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Marine Lab Research Tracks Pollutants in Dolphins and Beluga Whales
Bottlenose dolphins and beluga whales, two marine species at or near the top of their respective food webs, accumulate more chemical pollutants in their bodies when they live and feed in waters near urbanized areas, according to scientists working at the Hollings Marine Laboratory, a government-university collaboration in Charleston, S.C.
In papers recently published online by the journal Environmental Science & Technology, one research team looked at the levels of persistent organic pollutants (POPs) found in male dolphins along the U.S. East and Gulf of Mexico coasts and Bermuda, while the other group examined the levels of perfluorinated compounds (PFCs) in beluga whales at two Alaskan locations. Data gathered in both studies are expected to serve as baseline measurements for future research to define the health effects and impacts of these pollutants on the two species.
POPs are a large group of man-made chemicals that, as their name indicates, persist in the environment. They can spread globally through air and water, accumulate in the food chain, and may have carcinogenic, neurodevelopmental, immune or endrocrine effects on both wildlife and humans. To study POP concentrations in male bottlenose dolphins (Tursiops truncatus), researchers from the National Institute of Standards and Technology (NIST), the National Oceanic and Atmospheric Administration (NOAA), the Duke University Marine Laboratory, Florida State University and the Chicago Zoological Society teamed up to collect and examine blubber biopsy samples from 2000 to 2007 at eight locations along the U.S. East coast (from New Jersey to Eastern Florida), five sites in the eastern Gulf of Mexico and off Bermuda. The researchers analyzed the dolphin blubber for POPs that were once used as insecticides (such as DDT), insulating fluids (polychlorinated biphenyls, or PCBs), flame retardants (polybrominated diphenyl ethers, or PBDEs) and a fungicide (hexachlorobenzene, or HCB).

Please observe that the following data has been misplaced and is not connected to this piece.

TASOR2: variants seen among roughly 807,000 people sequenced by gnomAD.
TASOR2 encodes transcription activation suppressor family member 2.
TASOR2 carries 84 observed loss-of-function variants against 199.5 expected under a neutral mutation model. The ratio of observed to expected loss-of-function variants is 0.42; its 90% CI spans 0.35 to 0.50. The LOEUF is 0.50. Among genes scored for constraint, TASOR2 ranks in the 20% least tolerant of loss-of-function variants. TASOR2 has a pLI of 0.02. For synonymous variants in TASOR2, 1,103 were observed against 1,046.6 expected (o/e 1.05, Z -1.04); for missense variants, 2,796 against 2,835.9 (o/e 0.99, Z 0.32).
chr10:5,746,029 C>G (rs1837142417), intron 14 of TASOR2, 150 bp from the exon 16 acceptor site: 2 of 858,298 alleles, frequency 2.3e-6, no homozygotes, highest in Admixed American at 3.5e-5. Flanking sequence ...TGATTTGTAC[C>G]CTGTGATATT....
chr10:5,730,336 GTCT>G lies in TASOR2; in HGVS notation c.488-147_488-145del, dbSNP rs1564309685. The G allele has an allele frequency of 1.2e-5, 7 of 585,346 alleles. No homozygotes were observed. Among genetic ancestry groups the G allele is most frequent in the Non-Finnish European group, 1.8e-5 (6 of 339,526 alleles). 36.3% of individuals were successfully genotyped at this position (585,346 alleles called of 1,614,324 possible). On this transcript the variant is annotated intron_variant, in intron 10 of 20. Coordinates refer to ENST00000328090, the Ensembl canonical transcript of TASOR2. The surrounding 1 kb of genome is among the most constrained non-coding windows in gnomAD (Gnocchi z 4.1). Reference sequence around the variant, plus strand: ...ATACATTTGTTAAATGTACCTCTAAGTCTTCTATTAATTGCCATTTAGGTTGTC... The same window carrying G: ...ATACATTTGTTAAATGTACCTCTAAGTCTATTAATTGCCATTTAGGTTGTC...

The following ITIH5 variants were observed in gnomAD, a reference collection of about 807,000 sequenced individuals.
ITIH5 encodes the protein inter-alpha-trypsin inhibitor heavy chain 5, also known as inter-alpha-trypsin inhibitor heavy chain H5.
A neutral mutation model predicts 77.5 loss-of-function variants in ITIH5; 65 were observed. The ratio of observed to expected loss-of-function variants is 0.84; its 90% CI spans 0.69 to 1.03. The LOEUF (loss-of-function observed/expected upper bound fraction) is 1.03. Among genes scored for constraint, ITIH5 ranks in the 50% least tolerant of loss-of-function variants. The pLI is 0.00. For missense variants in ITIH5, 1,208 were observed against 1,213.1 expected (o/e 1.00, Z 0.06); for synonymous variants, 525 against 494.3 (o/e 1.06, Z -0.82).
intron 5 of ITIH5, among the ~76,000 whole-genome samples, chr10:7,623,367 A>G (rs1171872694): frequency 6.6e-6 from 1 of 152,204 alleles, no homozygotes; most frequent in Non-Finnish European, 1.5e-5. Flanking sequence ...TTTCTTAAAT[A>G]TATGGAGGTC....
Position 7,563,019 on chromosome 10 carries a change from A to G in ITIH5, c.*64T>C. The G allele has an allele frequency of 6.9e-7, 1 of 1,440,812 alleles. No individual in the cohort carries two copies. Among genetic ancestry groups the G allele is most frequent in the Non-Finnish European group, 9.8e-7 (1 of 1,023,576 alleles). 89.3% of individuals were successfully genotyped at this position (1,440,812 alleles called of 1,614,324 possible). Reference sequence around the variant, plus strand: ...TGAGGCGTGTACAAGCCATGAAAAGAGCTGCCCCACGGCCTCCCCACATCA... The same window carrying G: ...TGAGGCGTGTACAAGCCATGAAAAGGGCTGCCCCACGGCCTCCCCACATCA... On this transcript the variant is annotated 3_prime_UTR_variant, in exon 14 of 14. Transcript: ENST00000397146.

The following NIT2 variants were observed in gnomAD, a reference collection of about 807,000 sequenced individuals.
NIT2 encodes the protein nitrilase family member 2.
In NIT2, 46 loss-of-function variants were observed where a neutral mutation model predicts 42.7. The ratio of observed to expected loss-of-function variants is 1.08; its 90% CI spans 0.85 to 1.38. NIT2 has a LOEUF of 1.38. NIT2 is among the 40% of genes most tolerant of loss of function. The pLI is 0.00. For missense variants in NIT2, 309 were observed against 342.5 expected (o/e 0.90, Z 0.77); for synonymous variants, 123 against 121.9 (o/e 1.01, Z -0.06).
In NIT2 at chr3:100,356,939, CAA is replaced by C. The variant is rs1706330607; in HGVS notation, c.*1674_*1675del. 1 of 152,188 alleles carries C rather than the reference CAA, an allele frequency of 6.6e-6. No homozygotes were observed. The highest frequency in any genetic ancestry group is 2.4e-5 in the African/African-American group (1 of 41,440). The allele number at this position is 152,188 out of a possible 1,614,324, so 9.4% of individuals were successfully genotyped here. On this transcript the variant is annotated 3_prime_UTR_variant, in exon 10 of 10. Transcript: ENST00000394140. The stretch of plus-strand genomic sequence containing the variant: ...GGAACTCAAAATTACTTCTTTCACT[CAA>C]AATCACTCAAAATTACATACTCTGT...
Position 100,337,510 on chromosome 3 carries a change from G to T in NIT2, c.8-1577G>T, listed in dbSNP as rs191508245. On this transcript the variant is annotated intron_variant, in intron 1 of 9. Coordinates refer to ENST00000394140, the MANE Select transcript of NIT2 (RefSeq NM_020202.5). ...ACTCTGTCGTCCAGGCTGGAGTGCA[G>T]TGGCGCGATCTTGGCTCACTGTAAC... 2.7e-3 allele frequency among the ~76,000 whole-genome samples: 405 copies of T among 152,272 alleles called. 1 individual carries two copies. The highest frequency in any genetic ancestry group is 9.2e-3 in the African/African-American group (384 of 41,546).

Overall, PCBs were the pollutants found in the highest concentrations across the 14 sampling locations, followed by DDT, other pesticides and PBDEs, and HCB. Levels for POPs were statistically higher in dolphins living and feeding in waters near more urban and industrialized areas. The exceptions were the PCB levels recorded in dolphins living in waters near Brunswick, Ga., contaminated from a former factory that is now an Environmental Protection Agency “Superfund” cleanup site. These PCB levels were the highest ever observed in a group of living marine mammals.
In the second study, a NIST team analyzed the levels of 12 PFCs in livers harvested from 68 beluga whales (Delphinapterus leucas) that had lived and fed in two Alaskan locations: Cook Inlet in the urban southern part of the state and the Chukchi Sea in the remote northern part. The samples were collected from 1989 to 2006 by Native Alaskans during subsistence hunts and stored at NIST’s National Marine Mammal Tissue Bank (NMMTB). This was the first study to look at the concentration of PFCs in belugas from Alaska.
PFCs have been used as nonstick coatings and additives in a wide variety of goods including cookware, furniture fabrics, carpets, food packaging, fire-fighting foams and cosmetics. They are very stable, persist for a long time in the environment and are known to be toxic to the liver, reproductive organs and immune systems of laboratory mammals.
PFCs were detected in all of the beluga livers, with two compounds—perfluorooctane sulfonate (PFOS) and perfluorooctane sulfonamide (PFOSA)—found in more than half the samples. All but one of the PFC concentrations measured were significantly higher in the Cook Inlet belugas, an expected result given the nearby urban, industrialized area. The exception was PFOSA, where levels were higher amongst the Chukchi Sea whales. The researchers are unsure if this is the result of the pollutant being carried into the remote region by ocean currents, atmospheric transport or a combination of both. They also found that PFC concentrations in belugas increased significantly over the seven-year study period and were mostly higher in males.
The HML is a unique partnership of governmental and academic agencies including NIST, NOAA’s National Ocean Service, the South Carolina Department of Natural Resources, the College of Charleston and the Medical University of South Carolina. NIST maintains the NMMTB at the HML to provide archived samples for retrospective analysis of contaminants of emerging concern.